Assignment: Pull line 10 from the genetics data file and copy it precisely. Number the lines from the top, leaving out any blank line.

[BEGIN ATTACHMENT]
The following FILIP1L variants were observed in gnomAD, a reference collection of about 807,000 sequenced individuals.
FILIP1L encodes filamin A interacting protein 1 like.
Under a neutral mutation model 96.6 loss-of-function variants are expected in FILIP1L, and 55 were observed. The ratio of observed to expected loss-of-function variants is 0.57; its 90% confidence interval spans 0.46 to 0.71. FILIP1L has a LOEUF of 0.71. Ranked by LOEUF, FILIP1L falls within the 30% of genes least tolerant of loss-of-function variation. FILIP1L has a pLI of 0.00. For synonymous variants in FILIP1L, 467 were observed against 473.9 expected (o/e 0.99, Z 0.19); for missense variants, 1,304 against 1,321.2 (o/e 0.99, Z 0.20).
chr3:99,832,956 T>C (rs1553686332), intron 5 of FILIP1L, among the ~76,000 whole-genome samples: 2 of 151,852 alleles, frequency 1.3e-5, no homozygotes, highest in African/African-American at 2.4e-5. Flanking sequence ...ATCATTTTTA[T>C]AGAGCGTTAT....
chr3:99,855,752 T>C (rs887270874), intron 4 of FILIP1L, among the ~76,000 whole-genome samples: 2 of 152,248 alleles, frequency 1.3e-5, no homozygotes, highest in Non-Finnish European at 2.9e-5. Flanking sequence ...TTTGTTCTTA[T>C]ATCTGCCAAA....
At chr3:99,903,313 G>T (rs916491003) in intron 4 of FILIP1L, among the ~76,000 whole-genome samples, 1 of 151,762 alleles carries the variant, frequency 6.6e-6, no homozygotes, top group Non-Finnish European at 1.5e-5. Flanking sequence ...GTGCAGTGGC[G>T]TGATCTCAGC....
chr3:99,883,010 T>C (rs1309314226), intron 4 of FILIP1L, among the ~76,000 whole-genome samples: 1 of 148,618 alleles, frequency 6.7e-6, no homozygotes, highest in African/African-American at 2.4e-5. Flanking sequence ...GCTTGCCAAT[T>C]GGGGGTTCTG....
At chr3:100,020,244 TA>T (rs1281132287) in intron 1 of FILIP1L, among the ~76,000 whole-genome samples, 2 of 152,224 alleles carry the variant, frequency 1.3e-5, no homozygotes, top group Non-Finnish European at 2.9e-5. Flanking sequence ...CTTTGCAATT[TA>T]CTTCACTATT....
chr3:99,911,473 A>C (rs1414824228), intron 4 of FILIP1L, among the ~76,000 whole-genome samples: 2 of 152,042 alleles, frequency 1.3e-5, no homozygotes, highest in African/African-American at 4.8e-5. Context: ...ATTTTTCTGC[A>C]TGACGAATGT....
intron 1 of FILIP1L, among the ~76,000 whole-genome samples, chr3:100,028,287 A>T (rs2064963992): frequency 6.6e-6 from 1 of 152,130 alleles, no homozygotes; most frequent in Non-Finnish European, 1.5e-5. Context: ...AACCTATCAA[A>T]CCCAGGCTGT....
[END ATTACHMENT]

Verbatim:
intron 1 of FILIP1L, among the ~76,000 whole-genome samples, chr3:100,028,287 A>T (rs2064963992): frequency 6.6e-6 from 1 of 152,130 alleles, no homozygotes; most frequent in Non-Finnish European, 1.5e-5. Context: ...AACCTATCAA[A>T]CCCAGGCTGT....